“When we build, let us think that we build forever. Let it not be for present delight nor for present use alone. Let it be such work that our descendants will thank us for; and let us think, as we lay stone on stone, that a time will come when those stones will be held sacred because our hands have touched them, and that man will say, as they look upon the labor and wrought substance of them, “See! This our Father did for us.”
These stones were not laid by my father. And I don’t think the man who laid them ever read Ruskin’s quote, for they were not laid with the next generation in mind.
Though they have “lasted” since the summer of 1959 they had long since settled a few inches lower than they started. I am very thankful to have that almost unusably small entryway demolished. The structure was “secured” to the house with a mere dozen 16d nails.
Over this past winter friends of mine had to make the hard decision to heavily prune back a dying black cherry tree that was shedding branches into their neighbor’s yard and driveway. They had asked if I would be able to carve something for them instead of sending the cherry through the evil tree shredding machine. Of course I would, I would love to.
I may have over done it a bit, but they were happy!
Three larger serving spoons, one small serving spoon, a spreader and of course a shrink pot to contain it all.
The finish is two coats of tavern green with the third coat of Lexington green, all Old Fashion Milk Paint. I used steel wool between each coat of paint and then let them sit in oil for a couple days.
A couple weeks ago while I was working on the exterior of my home I found a handful of cool things. I love finding plane shavings. Most of the loot is buttons, but I did find a couple coins! Apparently the 1921 Mercury dime is pretty rare, and yes that penny is from 1869!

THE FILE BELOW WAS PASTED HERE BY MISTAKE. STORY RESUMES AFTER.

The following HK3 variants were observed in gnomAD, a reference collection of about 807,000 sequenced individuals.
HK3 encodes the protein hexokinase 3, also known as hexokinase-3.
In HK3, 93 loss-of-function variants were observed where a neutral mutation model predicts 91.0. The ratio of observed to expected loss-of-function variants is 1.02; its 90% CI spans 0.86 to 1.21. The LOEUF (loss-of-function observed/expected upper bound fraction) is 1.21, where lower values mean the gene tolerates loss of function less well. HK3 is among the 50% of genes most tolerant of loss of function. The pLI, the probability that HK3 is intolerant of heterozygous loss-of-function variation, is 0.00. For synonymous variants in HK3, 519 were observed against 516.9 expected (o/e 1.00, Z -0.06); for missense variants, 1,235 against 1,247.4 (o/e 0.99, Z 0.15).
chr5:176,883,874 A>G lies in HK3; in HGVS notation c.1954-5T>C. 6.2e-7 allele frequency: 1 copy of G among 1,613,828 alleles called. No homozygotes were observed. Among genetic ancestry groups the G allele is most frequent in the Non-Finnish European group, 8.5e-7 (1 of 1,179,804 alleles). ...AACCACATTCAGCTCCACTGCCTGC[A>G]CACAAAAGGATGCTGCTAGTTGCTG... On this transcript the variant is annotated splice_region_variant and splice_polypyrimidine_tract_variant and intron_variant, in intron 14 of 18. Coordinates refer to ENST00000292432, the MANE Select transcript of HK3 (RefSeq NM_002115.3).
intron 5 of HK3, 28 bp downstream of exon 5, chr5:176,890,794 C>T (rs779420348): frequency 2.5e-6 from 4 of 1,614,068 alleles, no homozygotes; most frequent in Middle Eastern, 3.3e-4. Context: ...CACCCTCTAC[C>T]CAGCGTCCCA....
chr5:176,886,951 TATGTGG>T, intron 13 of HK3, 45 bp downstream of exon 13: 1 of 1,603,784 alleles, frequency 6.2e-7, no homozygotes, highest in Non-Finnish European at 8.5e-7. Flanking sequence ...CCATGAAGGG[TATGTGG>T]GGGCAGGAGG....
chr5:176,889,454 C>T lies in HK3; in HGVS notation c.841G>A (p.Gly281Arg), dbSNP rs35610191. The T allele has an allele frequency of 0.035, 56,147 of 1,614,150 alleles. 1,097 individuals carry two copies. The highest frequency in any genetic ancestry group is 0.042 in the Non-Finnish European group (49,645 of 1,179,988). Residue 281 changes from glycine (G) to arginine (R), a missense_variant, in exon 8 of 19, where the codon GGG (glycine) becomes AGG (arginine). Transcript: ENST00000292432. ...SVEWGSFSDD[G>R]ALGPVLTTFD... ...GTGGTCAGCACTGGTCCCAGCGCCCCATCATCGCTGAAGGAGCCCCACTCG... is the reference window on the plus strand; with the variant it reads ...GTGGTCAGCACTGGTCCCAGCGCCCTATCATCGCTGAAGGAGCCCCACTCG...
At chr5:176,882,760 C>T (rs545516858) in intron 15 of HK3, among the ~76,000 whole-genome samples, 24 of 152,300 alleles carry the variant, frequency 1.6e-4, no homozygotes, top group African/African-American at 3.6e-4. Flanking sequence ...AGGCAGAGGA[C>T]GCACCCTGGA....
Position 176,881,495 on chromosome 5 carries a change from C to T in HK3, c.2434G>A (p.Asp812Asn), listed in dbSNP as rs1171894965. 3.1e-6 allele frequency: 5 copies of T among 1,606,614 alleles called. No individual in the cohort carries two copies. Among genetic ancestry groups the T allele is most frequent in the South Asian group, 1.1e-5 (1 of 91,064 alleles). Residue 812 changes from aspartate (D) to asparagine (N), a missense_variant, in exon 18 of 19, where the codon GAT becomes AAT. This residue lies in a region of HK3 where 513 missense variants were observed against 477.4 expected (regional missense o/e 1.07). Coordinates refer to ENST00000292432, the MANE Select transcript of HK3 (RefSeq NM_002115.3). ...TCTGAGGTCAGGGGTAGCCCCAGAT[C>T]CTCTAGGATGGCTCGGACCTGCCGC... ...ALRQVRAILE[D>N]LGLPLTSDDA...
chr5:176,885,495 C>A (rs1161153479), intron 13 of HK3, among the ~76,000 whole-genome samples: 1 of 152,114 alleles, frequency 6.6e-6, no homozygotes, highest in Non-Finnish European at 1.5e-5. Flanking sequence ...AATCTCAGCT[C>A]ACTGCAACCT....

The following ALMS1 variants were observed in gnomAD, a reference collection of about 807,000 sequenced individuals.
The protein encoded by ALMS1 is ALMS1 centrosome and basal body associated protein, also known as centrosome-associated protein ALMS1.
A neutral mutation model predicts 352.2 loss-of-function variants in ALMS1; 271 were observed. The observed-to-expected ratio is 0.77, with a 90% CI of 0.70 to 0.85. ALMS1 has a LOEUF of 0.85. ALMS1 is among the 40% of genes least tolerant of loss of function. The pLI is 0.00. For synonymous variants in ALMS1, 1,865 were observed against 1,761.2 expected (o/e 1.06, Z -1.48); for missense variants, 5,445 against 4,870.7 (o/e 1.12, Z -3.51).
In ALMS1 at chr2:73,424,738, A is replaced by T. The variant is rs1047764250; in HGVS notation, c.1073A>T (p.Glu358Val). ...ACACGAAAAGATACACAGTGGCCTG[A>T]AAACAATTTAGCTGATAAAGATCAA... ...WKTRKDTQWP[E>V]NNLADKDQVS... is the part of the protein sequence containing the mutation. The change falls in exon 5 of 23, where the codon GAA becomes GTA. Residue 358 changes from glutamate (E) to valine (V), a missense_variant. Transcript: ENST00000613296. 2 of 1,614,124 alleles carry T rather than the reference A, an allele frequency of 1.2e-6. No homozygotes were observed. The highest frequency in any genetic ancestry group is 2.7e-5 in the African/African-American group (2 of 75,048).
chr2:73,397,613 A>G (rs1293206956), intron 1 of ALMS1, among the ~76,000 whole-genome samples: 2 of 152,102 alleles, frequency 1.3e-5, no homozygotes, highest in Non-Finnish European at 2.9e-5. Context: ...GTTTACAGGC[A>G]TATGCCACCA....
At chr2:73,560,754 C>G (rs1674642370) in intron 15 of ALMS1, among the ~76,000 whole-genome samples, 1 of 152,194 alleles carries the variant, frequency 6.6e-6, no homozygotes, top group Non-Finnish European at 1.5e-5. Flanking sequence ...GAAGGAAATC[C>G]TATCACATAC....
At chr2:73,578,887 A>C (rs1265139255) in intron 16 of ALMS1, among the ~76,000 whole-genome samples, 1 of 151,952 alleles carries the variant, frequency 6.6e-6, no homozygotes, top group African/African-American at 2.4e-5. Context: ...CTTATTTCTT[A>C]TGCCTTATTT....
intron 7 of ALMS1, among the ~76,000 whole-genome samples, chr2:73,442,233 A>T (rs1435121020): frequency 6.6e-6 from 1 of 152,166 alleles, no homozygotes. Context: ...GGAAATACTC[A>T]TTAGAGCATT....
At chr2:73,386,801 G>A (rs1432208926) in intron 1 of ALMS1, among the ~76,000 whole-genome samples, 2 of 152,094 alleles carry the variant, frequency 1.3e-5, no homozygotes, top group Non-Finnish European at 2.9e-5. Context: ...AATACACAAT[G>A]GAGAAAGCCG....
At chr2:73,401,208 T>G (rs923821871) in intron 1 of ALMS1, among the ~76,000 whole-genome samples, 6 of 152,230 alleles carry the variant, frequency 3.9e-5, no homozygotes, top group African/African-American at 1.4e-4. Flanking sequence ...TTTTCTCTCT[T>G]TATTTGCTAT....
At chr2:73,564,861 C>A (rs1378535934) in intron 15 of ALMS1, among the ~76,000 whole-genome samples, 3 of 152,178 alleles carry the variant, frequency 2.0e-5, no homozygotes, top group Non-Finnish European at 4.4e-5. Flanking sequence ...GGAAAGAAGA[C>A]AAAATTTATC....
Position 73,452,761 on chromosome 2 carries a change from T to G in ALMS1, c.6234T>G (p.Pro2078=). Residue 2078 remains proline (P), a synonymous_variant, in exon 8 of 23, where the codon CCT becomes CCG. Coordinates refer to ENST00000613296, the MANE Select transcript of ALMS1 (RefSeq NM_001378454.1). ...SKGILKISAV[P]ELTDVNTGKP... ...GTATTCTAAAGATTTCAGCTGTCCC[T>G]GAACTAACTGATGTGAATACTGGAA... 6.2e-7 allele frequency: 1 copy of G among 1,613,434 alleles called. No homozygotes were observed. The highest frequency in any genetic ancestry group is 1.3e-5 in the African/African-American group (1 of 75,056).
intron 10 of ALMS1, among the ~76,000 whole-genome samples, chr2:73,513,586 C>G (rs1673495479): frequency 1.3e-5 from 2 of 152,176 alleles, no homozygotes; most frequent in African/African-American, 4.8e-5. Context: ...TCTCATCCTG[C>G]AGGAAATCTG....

My house was built in 1728, any nails used at that time were made by fire, hammer and anvil. I have found hundreds of hand wrought nails and of course I keep the ones I feel could be used again, they are three hundred years old after all!
On a job in East Bridgewater I found a beautiful relic from when the home was originally built (1808).
I like finding things in the walls from past craftsman. Shavings from a plane I think are the most relatable for me. I know how it feels to run a plane along a board, the sweet sound of the iron slicing the grain, it can be very enjoyable. I’ve been known to unroll a shaving to write something fun on it and put it in the wall for the next remodel.
I also found these wall carvings. Thankfully on this job the homeowner did most of the demo needed. He was having fun discovering all the items that were hiding. It was all we could do to keep home from destroying the whole house.
It’s amazing what people lose in the walls and ceilings. What’s more is how much accumulates! Love letters and poems, a school book, old tools, clothing, shoes, games, small cardboard boxes, dolls, kitchen utensils, shoot there was even a well hidden!This home had the most I think I’ve ever seen hidden in the dark unaccessible spaces.
For a long time now I have wanted to do more cabinetmaking and furniture making. In fact when people ask what I do I respond by saying, “I’m a cabinetmaker, but I also do most general carpentry.” Like kitchen and bathroom remodels and exterior work too like decks and siding and rot repairs.
Let me introduce you to Jim Weston, a man whom I really look up to and admire. We already have a lot in common. Not only is he a custom cabinetmaker but he is also a fellow churchman and drummer. His barn is a dream set up for me, its two stories the second floor being a drum studio and a wood shop on the first. I had helped Jim out quite a few times before when he was in a time crunch, usually turning into all 12 to I think the longest was 26 hours straight. Those times were inspiring and fun (a bit crazy). I learned a good amount of cabinetmaking during those times with him. A long time ago I told him that if he should ever need to hire someone that I would jump at the opportunity.